When the number outstanding prefetch addresses is below the maximum number of allowable prefetch addresses of the state, the PE generates additional prefetch addresses until the number of outstanding prefetch addresses matches the maximum allowed number. When an indication of a result of a prefetch is received by the PE, the number of outstanding prefetch addresses is decremented.

If the PE transitions to a lower active confidence state from a higher confidence state (e.g. state 515 to state 513), the PE would not generate a prefetch address (e.g. the PE enters a prefetch stall master state) until the number of outstanding prefetches above the maximum allowable number for the lower state are resolved. For example, when transitioning to state 513 from state 515, no prefetch addresses would be generated until the outcome of the last outstanding address is known. If transitioning from state 519 to state 517, then a new address would not be generated until there are only three outstanding prefetch addresses.

The ability to control the number of outstanding prefetch addresses based on a confidence level may enable a data processing system to schedule the acquisition of data for future use while minimizing resources. This minimization of resources is due to the amount of predictive data obtained ahead of its required use in the processor pipeline is based on a likely use of that data. In other embodiments, a greater number of an outstanding prefetch addresses may be allowed for each confidence level state.

In the embodiment shown, state 509 can only be reached from an active state 511. Accordingly, state 509 is an inactive state reached in response to load miss or PF evict from an active state. In state 509, the PE skips state 511 and transitions to state 513 in response to a PF used event. This skipping of state 511 may result in faster gain back of confidence from an inactive state.

In some embodiments, a prefetch engine may generate prefetch addresses that cross the page boundary of a page that includes a current address of the strided stream. In one embodiment, the addresses received by the prefetch unit 209 from the processor pipeline (e.g. 100) via the load store unit 207 are virtual addresses. The prefetch unit also receives physical address (e.g. from MMU 223) via the load store unit and event stream 350 that include translations of the virtual address of the load misses of L1 cache 213. In the embodiment shown, the prediction circuit 321 uses the physical address of the cache miss and stride information of the address data stream to generate a prefetch physical address. Subsequent prefetch physical addresses are generated by prediction circuit 321 using previous prefetch physical address and the stride information.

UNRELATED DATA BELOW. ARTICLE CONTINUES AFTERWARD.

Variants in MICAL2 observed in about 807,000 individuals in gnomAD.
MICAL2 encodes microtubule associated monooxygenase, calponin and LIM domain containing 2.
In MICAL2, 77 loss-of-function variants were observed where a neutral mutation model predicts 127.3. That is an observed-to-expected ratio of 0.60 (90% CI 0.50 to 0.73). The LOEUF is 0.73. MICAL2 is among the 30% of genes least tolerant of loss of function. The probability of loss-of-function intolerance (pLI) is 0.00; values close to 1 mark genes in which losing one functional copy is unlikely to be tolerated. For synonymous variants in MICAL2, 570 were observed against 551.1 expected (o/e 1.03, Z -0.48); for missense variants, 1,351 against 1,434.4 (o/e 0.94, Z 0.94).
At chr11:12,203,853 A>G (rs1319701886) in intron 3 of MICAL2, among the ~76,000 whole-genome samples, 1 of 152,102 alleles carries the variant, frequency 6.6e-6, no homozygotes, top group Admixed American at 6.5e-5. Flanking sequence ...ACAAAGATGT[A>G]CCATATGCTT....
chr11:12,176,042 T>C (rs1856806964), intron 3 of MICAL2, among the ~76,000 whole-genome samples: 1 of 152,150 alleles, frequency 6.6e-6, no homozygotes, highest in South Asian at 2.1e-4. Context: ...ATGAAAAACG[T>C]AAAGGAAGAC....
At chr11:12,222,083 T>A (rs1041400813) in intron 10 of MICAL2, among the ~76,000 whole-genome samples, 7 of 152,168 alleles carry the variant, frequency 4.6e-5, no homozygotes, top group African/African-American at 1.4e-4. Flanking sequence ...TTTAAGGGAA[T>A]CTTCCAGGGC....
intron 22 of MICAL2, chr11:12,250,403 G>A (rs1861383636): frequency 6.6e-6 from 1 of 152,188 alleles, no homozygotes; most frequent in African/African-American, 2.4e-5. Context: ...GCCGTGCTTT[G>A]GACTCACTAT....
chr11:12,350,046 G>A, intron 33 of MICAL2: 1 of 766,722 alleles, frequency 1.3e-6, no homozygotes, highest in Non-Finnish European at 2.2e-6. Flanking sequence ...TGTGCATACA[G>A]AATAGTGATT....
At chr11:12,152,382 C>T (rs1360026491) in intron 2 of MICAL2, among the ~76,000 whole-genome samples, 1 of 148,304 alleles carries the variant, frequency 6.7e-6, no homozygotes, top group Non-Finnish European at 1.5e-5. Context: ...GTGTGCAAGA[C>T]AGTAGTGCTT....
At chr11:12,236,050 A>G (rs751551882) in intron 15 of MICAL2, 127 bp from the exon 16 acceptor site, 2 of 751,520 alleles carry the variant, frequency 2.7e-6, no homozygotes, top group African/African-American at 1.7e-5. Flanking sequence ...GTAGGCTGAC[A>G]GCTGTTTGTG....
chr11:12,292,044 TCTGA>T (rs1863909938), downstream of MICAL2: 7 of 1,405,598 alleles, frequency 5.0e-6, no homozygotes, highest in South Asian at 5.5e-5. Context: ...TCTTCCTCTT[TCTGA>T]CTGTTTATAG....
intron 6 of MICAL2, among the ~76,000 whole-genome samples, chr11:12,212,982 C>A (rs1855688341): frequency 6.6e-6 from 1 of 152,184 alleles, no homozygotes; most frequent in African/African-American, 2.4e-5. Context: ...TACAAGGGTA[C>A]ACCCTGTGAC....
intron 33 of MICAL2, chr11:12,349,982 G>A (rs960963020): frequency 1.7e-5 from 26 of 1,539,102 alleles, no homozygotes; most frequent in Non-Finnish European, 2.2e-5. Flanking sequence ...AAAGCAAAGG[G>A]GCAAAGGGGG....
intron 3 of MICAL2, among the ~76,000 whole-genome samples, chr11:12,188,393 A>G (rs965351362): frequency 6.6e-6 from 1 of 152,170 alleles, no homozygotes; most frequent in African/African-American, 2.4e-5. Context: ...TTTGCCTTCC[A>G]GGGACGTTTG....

However, when the predicted prefetch physical address crosses a memory page boundary, the physical address of the next page in memory is unknown to the prefetch engine.

In one embodiment, the prediction unit of the PE generates a request for translation of a virtual address to the translation control circuit 308 in response to a determination that an address boundary is being crossed. In response, translation control circuit 308, when available (e.g. not servicing requests from other PEs), provides the virtual address to the L2 cache MMU 227 for translation.

FIG. 6 is a flow chart of operations of data processing system 201 in obtaining a physical address translation of a request from a prefetch unit. In 601, prediction circuit 321 computes the next prefetch address. In 602, a determination is made by predication circuit 321 of whether the next data address of the strided stream will cross a page boundary. If no in 602, then prediction circuit 321 generates the next prefetch address (physical address) at the appropriate time in that the next prefetch address is known.

If yes in 602, then control circuit 308 provides the translation request (including the virtual address) to MMU 227 for translation in 603. In 604, MMU 227 checks translation lookaside buffer 229 to determine whether it includes an entry for the virtual address of the request. If no in 604, then MMU 227 signals prefetch unit 209 of a TLB miss in 609.

If yes in 604, MU 227 provides the translation information to translation control circuit 308 in 607, which passes the information to the requesting prefetch engine. The prefetch engine makes a determination in 611 of whether access to the next page is permitted based on access attributes in the translation information. Access to a particular memory may be denied if e.g. that page of memory is used by another process. If yes in 611, the prefetch engine utilizes the translation information to generate a prefetch physical address in the next page. The address is provided to LSU 207 via PFQ 210. LSU 207 then retrieves the prefetched data from either L2 cache 211 or memory 221. If no in 611, then a prefetch address is not generated.